Protest-song earnestness can get a little boring, if you ask me, but this song is Joan Baez with a little bitter devilment in her: getting a call from an old boyfriend in the middle of the night, swamped with memories and a tinge of resentment over his stratospheric success (since he's Bob Dylan) and emotional distance. Wild Musk is not a "white musk," which is why I like it best among all the old drugstore musks. It has a tinge of that comforting, woody, unwashed scent that reminds me of being snuggled in a musty comforter in some old home hand-built in the 70s as as refuge from the military-industrial complex. I grew up in the 70s and heard Joan Baez from the womb, thanks to my mother, so this is a nostalgia scent for me.

How to be a hard-hearted lover
scent: Ayala Moriel Espionage
Song: Etta James, "Don't Cry Baby"

Unsweetened, commanding, hard-headed soul that softens like Etta James after her initial gun-shot delivery, turning into a woman working her wiles with an unexpected string section.

What goes with gold lame? or, how to be a fame-whore: The Party in Manhattan

Song: The Decemberists, "Los Angeles, I'm Yours"

Okay, it should be "Manhattan, I'm Yours," but this bitingly sardonic, clever hate-f**k of a song is so perfect for this skanky and ultimately hollow wonder that I can't resist. The floral-civet indulgence of the perfume matches the venal self-promotion and greed in gold lamé portrayed in The Decemberists' song. To wit: "but oh the smell of burnt cocaine, the dolor and decay, it only makes me cranky." Wear The Party in Manhattan and you'll feel oddly debauched and dissatisfied.

What to wear to a cabaret of the damned: J'ai Osé

Song: Diamanda Galas, "Twenty-Five Minutes To Go"

Apocalyptically, chokingly tarry, then steadies deliberately into an urgent purr, like the heroine of this live, spine-tingling, avant-cabaret showpiece, who is counting down the minutes before she's hanged. Nina Simone's version of "Pirate Jenny" would also work, and is even more harrowing, but I'd already included one of her songs in the list.

More fabulous blogs are participating in this themed post. Go visit them, too!
Notes from the Ledge

Image credit: Autumn in Sepia by Rick Lundh (via

Thursday, October 8, 2009

DelRae Mythique: a true Florentine smell

I'm sure that one of the main reasons I love iris is because I love Florence. The two are forever linked because the highest quality iris, or orris butter, comes from the Florence region, and has for centuries. I studied art history and Italian there for a semester as an undergrad in the early 90s, so obviously the movie that informed my romantic expectations was Merchant and Ivory's A Room with a View, of course! I rewatched the movie recently, and I swear I can vividly smell Florence again in those street scenes. Remember what the florid lady novelist Eleanor Lavish (the sublime Judy Dench) says? She stops in her tracks on a side street, commanding, "A true Florentine smell. Inhale, my dear."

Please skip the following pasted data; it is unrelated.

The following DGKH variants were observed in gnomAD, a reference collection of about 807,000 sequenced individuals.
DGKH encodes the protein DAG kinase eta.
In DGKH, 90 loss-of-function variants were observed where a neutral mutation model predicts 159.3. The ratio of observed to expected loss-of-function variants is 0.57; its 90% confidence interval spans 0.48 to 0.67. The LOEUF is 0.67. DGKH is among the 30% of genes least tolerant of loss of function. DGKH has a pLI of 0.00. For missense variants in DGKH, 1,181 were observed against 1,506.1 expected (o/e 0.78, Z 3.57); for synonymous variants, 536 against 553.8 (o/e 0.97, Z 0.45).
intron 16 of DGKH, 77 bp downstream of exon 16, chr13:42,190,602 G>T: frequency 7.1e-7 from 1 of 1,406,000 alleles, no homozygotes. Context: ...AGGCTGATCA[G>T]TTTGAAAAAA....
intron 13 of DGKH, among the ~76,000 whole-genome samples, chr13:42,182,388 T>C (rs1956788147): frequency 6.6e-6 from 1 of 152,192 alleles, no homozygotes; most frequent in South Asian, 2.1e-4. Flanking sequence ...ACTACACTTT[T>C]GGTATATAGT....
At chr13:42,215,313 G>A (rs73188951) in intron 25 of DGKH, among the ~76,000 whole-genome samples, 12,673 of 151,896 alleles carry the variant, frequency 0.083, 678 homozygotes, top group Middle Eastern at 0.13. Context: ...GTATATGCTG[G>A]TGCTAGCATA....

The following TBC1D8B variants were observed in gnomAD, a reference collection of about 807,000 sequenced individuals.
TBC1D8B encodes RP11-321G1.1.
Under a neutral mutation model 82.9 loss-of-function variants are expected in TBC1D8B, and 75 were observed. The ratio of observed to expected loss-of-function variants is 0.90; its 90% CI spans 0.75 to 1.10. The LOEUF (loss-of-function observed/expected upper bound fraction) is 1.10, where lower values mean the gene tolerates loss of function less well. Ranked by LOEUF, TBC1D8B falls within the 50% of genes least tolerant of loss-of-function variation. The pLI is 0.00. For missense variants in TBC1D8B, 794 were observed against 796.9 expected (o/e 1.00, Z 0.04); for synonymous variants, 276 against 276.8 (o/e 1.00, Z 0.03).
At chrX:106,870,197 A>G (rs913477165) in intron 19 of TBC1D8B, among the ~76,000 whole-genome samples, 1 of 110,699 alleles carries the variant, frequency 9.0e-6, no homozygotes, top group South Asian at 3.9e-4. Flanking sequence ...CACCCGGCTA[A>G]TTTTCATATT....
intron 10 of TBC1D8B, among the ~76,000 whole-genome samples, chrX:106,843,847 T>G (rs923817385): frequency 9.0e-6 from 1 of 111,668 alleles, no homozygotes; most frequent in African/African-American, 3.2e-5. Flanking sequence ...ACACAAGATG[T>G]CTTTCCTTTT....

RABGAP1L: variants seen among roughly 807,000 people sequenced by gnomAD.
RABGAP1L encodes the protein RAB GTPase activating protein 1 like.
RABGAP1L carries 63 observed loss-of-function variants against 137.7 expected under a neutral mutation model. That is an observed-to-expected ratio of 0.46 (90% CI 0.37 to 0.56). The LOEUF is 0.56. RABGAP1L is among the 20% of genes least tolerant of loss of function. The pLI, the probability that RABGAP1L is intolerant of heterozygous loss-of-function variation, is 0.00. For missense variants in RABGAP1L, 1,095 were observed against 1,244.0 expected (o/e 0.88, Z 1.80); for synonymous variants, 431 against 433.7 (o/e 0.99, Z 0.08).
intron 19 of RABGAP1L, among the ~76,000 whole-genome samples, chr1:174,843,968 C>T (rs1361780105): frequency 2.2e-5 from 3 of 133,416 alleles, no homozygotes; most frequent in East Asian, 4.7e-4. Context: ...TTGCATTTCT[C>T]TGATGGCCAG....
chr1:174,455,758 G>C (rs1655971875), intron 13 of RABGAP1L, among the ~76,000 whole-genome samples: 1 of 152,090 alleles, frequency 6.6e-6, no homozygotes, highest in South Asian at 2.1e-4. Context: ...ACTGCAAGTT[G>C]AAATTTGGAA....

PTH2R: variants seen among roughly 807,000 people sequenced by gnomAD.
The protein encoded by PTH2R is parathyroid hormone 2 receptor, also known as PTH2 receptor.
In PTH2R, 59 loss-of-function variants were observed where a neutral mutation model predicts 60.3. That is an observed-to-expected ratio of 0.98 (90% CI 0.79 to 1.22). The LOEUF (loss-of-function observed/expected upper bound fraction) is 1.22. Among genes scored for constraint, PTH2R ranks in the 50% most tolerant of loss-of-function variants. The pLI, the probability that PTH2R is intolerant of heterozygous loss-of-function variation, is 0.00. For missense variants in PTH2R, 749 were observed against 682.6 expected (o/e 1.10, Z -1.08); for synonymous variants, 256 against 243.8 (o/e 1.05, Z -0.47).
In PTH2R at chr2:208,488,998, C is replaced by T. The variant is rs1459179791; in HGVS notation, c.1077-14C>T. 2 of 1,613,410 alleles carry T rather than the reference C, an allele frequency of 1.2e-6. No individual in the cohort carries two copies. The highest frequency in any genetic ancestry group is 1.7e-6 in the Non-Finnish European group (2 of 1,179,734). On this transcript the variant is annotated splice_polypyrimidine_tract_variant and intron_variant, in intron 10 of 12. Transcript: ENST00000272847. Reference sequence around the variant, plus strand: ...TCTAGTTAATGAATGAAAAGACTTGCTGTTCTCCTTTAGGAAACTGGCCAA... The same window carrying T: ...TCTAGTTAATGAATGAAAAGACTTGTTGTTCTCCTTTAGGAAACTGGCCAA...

So when I smelled Mythique, I thought: this is a true Florentine smell. And I inhaled deeply and diaphramatically, as Dame Judy commands. I always do whatever Dame Judy tells me. Here's what I smelled. The candied violet aspect of iris when paired with mandarin is there in the top notes, but this is a modern, creamy, and musky perfume, not powdery or tooth-aching as most violet/iris fragrances are. The candied quality is quickly balanced by that cold stone feel of iris, which is what really gives it the feel of Florence.

So okay, maybe the streets of Florence don't smell like violets, iris, or mandarin (sadly), but the perfume fits with the visual and architectural aesthetics I associate with that city. What I always remember about Florence was the intimidatingly business-like, elegant citizens; the forbiddingly stony building exteriors (massive-looking blocks of rusticated pietra forte and beautiful, grey pietra serena); and most importantly, the experience of going inside those buildings and finding wonderously confectionary interiors and candy-colored fresco paintings that are the sweet, indulgent heart of all that seeming coldness. The color combination of light green and pink is often used in that sweet side of Florence, and the epitome of that aesthetic is the pastel-colored marble of Giotto's campanile (belltower), which is truly the most beautiful, most fantastic piece of architecture I've ever seen. Who builds a big, functional slab of religious architecture in pastel pinks and greens, for goodness sake? It's extravagantly nutty in such a restrained city, which is why I love it.

The perfume Mythique is an expression of all these aesthetic experiences. It would definitely appeal to Florence's restrained city-dwellers. It is like grey stone hiding gleaming, luxurious cafe interiors. It is like a green, pink, and white marble belltower ringing out to the faithful. But I'll leave off speaking metaphorically and tell you that the peony and jasmine turn the fragrance into a warm floral blend after a half-hour or so. The base notes of patchouli and sandalwood are so subtle I can barely detect them as a warm, raspy hum in the background, keeping everything from getting at all dessert-like. The velvety ambrette muskiness I can definately smell.

It's much less girly than the Frederic Malle Iris Poudre, less dramatic and muskier than the new Van Cleef & Arpels Bois d'Iris, and it has a more juicy quality than The Different Company's Bois d'Iris. It's nothing like the chilling coldness of Serge Lutens' Iris Silver Mist. Mythique's notes include mandarin, bergamot, ivy, peony, Sambac jasmine, iris, sandalwood, Indonesian patchouli and herbal musk (ambrette). The perfumer is Yann Vasnier.